Canada’s culture and communities are shaped by Indigenous peoples, by their traditional knowledge, and by their deep historical and spiritual connections to the land.
Doing business here means building trust and partnerships with Indigenous peoples and working together to tackle tough issues and create opportunity.
We’re committed to ensuring that Indigenous peoples benefit from our work. In many places, we’ve signed formal agreements to hire Indigenous people and suppliers, pay royalties to Indigenous communities and, through partnerships, create even broader opportunities for economic development.
Our Diavik Diamond Mine sets the standard. Nearly a quarter of Diavik’s employees come from Indigenous communities and since 2000, the mine has invested $2.4 billion in businesses owned by Indigenous peoples.
When it comes to education and access for Indigenous students, there are big gaps to be filled. That’s why we work with Indigenous leaders and organizations to build better pathways to a great education, improve schools, and give students the support they need to stay in school, succeed in school and fulfill their dreams.
In partnership with Indspire and the Canadian government, we’ve created a $2 million scholarship fund for Indigenous students.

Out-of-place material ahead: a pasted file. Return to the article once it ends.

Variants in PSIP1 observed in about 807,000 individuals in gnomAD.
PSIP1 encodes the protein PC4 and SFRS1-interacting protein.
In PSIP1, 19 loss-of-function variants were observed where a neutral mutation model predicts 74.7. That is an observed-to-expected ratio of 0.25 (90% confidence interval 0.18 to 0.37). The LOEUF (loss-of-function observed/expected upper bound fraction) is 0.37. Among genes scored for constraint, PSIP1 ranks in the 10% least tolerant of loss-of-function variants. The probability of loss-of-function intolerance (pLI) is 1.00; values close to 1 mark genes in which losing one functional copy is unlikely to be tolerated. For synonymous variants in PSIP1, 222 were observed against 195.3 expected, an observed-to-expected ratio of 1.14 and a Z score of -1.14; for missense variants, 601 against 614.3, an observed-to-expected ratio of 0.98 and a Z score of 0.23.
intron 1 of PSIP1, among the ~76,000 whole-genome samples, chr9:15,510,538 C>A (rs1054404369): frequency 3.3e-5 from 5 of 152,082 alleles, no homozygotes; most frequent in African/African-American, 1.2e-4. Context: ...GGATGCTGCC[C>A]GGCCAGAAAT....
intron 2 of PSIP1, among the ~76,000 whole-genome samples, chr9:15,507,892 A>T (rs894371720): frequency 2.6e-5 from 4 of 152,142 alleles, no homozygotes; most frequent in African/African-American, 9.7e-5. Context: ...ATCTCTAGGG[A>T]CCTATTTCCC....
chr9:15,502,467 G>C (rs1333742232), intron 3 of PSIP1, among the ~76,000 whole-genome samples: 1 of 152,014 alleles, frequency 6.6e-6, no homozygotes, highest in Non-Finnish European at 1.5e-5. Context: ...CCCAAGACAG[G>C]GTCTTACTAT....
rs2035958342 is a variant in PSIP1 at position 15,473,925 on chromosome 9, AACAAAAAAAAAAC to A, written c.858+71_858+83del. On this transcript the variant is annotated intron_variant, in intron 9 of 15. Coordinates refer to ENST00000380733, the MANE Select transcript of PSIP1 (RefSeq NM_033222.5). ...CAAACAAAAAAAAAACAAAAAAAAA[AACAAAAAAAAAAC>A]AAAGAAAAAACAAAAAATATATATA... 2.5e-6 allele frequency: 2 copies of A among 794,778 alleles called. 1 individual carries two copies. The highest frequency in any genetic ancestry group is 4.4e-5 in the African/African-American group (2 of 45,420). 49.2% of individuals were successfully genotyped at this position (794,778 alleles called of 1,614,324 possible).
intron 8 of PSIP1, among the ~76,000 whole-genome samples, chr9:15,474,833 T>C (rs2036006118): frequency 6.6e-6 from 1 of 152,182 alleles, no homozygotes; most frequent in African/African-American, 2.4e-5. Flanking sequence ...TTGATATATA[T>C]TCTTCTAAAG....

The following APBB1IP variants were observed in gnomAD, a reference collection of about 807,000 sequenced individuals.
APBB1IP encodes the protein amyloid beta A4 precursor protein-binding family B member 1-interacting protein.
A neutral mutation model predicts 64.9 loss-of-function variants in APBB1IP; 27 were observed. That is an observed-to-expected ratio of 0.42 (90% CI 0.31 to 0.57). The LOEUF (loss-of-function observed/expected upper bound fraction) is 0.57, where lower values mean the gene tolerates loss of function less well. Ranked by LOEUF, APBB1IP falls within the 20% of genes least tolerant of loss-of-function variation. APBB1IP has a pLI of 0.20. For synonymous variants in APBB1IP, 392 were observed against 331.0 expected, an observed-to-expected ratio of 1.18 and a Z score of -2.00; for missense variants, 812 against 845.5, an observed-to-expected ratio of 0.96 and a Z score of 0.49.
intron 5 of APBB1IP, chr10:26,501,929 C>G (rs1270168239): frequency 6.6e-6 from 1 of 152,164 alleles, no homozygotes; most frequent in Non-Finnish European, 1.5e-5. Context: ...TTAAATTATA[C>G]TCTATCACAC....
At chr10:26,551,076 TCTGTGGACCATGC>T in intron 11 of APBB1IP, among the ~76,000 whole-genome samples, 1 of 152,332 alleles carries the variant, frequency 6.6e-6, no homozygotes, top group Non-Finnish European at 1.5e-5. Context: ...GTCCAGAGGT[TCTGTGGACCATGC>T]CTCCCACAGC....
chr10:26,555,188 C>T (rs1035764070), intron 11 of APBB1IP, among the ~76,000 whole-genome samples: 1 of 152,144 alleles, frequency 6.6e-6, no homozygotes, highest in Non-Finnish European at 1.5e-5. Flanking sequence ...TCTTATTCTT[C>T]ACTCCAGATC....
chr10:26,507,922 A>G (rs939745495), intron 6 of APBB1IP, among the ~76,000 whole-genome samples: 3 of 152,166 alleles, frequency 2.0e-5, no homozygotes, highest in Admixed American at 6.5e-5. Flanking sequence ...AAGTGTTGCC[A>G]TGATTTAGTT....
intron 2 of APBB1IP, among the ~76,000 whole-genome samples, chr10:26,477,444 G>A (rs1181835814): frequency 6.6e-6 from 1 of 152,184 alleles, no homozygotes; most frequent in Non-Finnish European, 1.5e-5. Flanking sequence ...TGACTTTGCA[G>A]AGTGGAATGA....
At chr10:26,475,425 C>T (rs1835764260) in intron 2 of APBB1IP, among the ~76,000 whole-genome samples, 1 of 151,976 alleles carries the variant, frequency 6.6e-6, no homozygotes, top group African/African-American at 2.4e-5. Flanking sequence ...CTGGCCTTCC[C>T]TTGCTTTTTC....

Preserving cultural heritage
Across our operations, we’re working hard to make our teams more aware and respectful of Indigenous peoples’ traditional land use, knowledge and cultural practices. We follow Canada’s strict cultural heritage regulations and, more importantly, we work with Indigenous communities to identify, understand and protect cultural places, objects and practices.
Protecting the environment
Our relationships with Indigenous peoples help us protect our natural surroundings.
In British Columbia, our partners included cultural and spiritual teachings and practices in plans to protect endangered white sturgeons, and at our Diavik diamond mine, a traditional knowledge panel helps guide our decisions and work to protect the environment.